Michael is a Research Group Manager at Fisher Investments, and has been with the firm since 2004. He is also the author of the InvestingIQ blog, offering frequent market commentary. He also is a lecturer at UC Berkeley Haas School of Business, and is the author of 20/20 Money, and four other books.
Each day is unique and different from that which preceded it. But the only way that’s clear is through understanding the past.
Complex theories often obscure investors’ view of the bigger, simpler forces that move markets most.
Investors focused on political brouhaha miss important fundamental drivers.
Here are 40 interesting stories that flew beneath many folks’ radar screens this week.
Years at Fisher Investments have taught me the absolute best investors are wrong quite a lot (one reason to believe in the amazing and rejuvenating powers of proper diversification), but being wrong often doesn’t mean you can’t beat the markets consistently, or at the very least achieve your investing goals.
|Nouriel Roubini's Crisis Economics delivers more Dr. Doom gloom but is of little use for most investors. |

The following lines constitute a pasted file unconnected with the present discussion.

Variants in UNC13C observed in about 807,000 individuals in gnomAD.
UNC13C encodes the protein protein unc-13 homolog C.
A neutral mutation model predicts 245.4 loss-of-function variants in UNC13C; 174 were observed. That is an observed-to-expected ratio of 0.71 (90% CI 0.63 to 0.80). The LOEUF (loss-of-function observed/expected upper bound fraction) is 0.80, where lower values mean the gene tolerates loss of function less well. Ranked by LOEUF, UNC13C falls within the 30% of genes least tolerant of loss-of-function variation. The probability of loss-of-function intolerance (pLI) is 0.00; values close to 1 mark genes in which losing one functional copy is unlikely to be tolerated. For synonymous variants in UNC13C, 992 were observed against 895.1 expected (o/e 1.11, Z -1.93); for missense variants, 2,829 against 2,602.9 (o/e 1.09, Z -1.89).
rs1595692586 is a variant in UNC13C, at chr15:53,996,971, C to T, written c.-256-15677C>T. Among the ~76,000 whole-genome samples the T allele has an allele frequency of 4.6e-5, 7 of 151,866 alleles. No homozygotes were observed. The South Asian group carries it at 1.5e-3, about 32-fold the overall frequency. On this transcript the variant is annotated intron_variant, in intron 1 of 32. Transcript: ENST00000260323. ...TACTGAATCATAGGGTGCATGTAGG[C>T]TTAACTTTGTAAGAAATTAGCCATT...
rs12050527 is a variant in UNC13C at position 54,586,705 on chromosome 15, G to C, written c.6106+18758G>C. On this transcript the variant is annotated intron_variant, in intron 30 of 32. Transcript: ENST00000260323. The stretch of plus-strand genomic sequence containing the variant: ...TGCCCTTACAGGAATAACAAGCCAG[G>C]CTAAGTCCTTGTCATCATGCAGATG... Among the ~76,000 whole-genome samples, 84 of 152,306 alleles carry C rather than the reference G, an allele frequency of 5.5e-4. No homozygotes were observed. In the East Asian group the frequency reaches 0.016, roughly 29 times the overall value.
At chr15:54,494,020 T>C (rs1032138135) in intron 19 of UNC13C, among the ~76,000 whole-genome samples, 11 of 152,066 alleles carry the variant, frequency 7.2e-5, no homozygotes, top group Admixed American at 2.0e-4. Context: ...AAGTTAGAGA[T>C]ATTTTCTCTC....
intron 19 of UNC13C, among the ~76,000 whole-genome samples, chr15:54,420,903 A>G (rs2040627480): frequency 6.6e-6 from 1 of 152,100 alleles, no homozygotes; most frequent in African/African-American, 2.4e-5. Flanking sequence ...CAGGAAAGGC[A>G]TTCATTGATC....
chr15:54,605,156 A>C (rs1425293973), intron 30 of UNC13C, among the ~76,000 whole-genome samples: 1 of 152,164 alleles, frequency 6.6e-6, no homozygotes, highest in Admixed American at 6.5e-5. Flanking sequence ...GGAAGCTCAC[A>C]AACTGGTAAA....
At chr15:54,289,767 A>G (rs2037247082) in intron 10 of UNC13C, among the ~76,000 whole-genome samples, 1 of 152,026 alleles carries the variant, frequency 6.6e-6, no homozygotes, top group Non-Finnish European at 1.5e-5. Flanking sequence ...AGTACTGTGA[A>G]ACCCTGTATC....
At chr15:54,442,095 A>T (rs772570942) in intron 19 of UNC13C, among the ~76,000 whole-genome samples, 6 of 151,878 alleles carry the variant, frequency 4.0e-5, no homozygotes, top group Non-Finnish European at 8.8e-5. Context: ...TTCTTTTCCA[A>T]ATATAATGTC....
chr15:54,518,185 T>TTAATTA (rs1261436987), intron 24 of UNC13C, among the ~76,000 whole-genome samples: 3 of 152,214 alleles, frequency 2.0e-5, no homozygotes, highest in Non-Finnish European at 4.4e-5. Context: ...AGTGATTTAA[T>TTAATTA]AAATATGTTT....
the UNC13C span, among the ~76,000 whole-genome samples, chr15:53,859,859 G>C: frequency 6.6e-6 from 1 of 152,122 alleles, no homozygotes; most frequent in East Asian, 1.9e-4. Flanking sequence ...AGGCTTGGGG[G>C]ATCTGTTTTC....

|How to Lie With Statistics is still the best book for beginners to enter the world of statistical analysis.
|Henry Paulson's On the Brink is disappointing and too long, while Andrew Ross Sorkin's Too Big to Fail might well end up the definitive text of the era.|
|Investors tend to think like high-flying traders when most ought to be ho-hum.|
|Your brain is making you anxious and that could be weighing down your portfolio.
|Expect investor sentiment and broad economic data to stay dour even as stocks recover.
|Abandoning tried-and-true investing disciplines after bear markets is among the biggest investor mistakes.
|While we fret over taxes, the greatest wealth redistribution of all time is happening under our noses—in the stock market.|
|Amid the market tumult, today represents the simplest investing choice you'll ever have in your lifetime.
|Using neuroscience to analyze markets is all the rage. That could be bad news for investors…
|The once noble field of behavioral finance has taken a dire turn for the worse.|
|Human minds are built to act on beliefs and assumptions—a very dangerous thing for successful investing.|
|The human brain likes to simplify problems and make clear distinctions. That's a problem for investors in a world where many factors matter.|
|Most of the struggle of investing is the struggle to surmount the natural workings of the brain.|
|Does this sentence strike you as odd?: The markets are up today! Probably not.|
An austere president in budget—and persona.
With the election upon us, a measure of sanity and perspective.
There is plenty to learn from the past about today’s so-called unprecedented volatility. And some bonus summer Sci-Fi reading!
Jason Lanier’s argument technology is nothing without the humans who built it has many parallels to investing.
Part two covers David Graeber's Debt: The First 5,000 Years. Different book, yet the takeaway is unchanged: Ideology often blinds investors.